Rhino Action Group Effort
Rhinos lost to poaching
2013 : 1004
2016 : 1054
2014 : 1215
2017 : 1028
2015 : 1175
2018 : ?
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Wilderness Safaris Partners with Governments to Move More Rhino to Safety

March 2015 – Wilderness Safaris, in partnership with the Botswana and South African Governments, is delighted to announce the next phase of its pioneering rhino translocation programme, which began as far back as 1999. The project partners have signed the purchase agreement for a further significant addition of both Critically-Endangered black rhino and Near-Threatened white rhino to bolster existing Botswana populations, with operations taking place in the first half of 2015.

Since the project’s first reintroductions, under this joint programme, of white and black rhino into the Okavango Delta in October 2001 and November 2003 respectively, populations of both species have grown and the country has proven its credentials in being able to provide a safe habitat for these charismatic and dramatically threatened species.

While white rhino have generated the majority of media attention in the last few years of intense poaching pressure in South Africa and certainly continue to bear the brunt of this assault today, black rhino are far more threatened, totalling a global population of less than 5 000 individuals (white rhino number around 20 000 individuals). “As a result of this, and on the back of a very healthy white rhino population already in existence in the Okavango, we have focused our recent efforts over the last few years on black rhino in particular. During the course of 2014, we were honoured to have facilitated the reintroduction of further black rhino into the Okavango Delta in several complex and delicate operations”, says Wilderness Safaris Group Conservation Manager, Kai Collins.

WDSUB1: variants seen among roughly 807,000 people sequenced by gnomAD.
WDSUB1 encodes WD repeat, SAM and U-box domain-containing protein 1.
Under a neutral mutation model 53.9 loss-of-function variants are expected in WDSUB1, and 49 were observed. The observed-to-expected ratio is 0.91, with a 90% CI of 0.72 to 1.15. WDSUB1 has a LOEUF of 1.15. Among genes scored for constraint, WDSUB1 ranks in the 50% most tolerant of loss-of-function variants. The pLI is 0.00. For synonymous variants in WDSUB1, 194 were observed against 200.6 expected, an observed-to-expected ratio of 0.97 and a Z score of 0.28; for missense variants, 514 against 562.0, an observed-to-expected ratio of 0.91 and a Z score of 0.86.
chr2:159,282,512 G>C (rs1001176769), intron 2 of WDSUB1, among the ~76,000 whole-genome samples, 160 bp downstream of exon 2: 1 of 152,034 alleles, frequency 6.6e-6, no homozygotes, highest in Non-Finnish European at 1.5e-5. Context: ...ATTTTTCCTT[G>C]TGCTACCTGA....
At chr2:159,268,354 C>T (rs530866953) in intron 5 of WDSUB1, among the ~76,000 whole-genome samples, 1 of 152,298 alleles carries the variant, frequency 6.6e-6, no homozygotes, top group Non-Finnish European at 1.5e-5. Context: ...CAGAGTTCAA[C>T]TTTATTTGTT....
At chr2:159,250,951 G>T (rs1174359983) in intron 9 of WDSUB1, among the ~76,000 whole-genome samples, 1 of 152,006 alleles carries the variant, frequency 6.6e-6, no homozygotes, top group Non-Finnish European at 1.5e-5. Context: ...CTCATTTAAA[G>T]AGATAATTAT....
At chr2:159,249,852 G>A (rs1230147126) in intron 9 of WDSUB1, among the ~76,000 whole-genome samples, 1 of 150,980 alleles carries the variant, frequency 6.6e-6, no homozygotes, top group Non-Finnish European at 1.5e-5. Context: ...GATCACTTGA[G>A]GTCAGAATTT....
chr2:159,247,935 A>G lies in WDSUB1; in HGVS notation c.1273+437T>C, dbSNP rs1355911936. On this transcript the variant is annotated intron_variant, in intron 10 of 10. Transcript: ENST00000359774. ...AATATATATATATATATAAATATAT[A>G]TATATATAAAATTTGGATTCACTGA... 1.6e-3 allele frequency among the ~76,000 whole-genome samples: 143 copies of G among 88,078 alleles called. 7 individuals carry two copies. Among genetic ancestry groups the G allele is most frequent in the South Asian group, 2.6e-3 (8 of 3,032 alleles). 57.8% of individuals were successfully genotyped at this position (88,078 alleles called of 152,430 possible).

Following the next phase of translocations – valued at well over R7 million – Wilderness Safaris will have moved nearly 1% of the continent’s remaining black rhino population to Botswana through its Rhino Reintroduction Project, the success of which has already been measured in the number of calves born in the wild. (Please note that specific figures and locations are not mentioned in order to avoid drawing unwelcome illicit attention and to ensure the ongoing safety and security of the rhino.)

“With South Africa’s rhino poaching crisis showing no signs of abating, it has become absolutely critical that we continue to take decisive action in ensuring the ongoing survival of the species. Together with our long-standing partners, we are in the fortunate position of having the necessary relationships, infrastructure and people in place to expedite this process, and in doing so, continue to make a meaningful impact on rhino conservation. With each operation, we gain invaluable experience and insight that shape our strategies and plans for the future – not only in terms of moving the rhino, but also in ensuring their ongoing safety”, adds Collins.

Once released into the wild, the rhino are constantly monitored by Wilderness Safaris’ Rhino Monitoring Officers, the Botswana Defence Force, the Department of Wildlife and National Parks’ specialised Anti-Poaching Unit and officers of Rhino Conservation Botswana, in order to ensure that they are not exposed to any potential threats.

“We are extremely thankful for the ongoing support of our partners in the Botswana and South African governments and their respective conservation agencies – especially the unheralded efforts of the guys on the ground in the Botswana Defence Force and the Wildlife Department’s Anti-Poaching Unit. We also could not have achieved this without our sponsors, including the Wilderness Wildlife Trust, International Rhino Foundation, the Tiffany & Co Foundation, Empowers Africa, and a number of very generous anonymous individual donors, to name a few, who have enabled us to embark on this next phase of the project and ensure its success”, concludes Collins.

Click here to watch a short, inspirational video on the Botswana Rhino Reintroduction Project. 
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